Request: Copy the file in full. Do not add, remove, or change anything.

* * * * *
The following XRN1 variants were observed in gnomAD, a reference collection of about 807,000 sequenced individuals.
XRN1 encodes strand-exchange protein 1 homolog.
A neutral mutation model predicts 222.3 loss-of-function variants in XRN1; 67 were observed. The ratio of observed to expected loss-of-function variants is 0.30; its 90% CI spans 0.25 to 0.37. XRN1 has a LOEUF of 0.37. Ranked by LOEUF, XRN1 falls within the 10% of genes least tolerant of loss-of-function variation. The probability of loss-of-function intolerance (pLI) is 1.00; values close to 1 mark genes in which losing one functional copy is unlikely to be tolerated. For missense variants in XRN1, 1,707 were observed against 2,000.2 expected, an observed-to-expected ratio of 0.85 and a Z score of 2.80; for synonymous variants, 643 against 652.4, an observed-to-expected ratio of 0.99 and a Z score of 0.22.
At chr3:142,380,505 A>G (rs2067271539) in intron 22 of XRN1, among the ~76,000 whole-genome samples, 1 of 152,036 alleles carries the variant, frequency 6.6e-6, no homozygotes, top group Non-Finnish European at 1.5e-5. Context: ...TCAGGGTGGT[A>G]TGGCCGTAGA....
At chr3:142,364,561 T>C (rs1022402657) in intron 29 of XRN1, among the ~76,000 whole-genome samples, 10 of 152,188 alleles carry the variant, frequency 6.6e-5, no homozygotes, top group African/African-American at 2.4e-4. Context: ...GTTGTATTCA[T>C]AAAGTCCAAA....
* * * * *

The following XRN1 variants were observed in gnomAD, a reference collection of about 807,000 sequenced individuals.
XRN1 encodes strand-exchange protein 1 homolog.
A neutral mutation model predicts 222.3 loss-of-function variants in XRN1; 67 were observed. The ratio of observed to expected loss-of-function variants is 0.30; its 90% CI spans 0.25 to 0.37. XRN1 has a LOEUF of 0.37. Ranked by LOEUF, XRN1 falls within the 10% of genes least tolerant of loss-of-function variation. The probability of loss-of-function intolerance (pLI) is 1.00; values close to 1 mark genes in which losing one functional copy is unlikely to be tolerated. For missense variants in XRN1, 1,707 were observed against 2,000.2 expected, an observed-to-expected ratio of 0.85 and a Z score of 2.80; for synonymous variants, 643 against 652.4, an observed-to-expected ratio of 0.99 and a Z score of 0.22.
At chr3:142,380,505 A>G (rs2067271539) in intron 22 of XRN1, among the ~76,000 whole-genome samples, 1 of 152,036 alleles carries the variant, frequency 6.6e-6, no homozygotes, top group Non-Finnish European at 1.5e-5. Context: ...TCAGGGTGGT[A>G]TGGCCGTAGA....
At chr3:142,364,561 T>C (rs1022402657) in intron 29 of XRN1, among the ~76,000 whole-genome samples, 10 of 152,188 alleles carry the variant, frequency 6.6e-5, no homozygotes, top group African/African-American at 2.4e-4. Context: ...GTTGTATTCA[T>C]AAAGTCCAAA....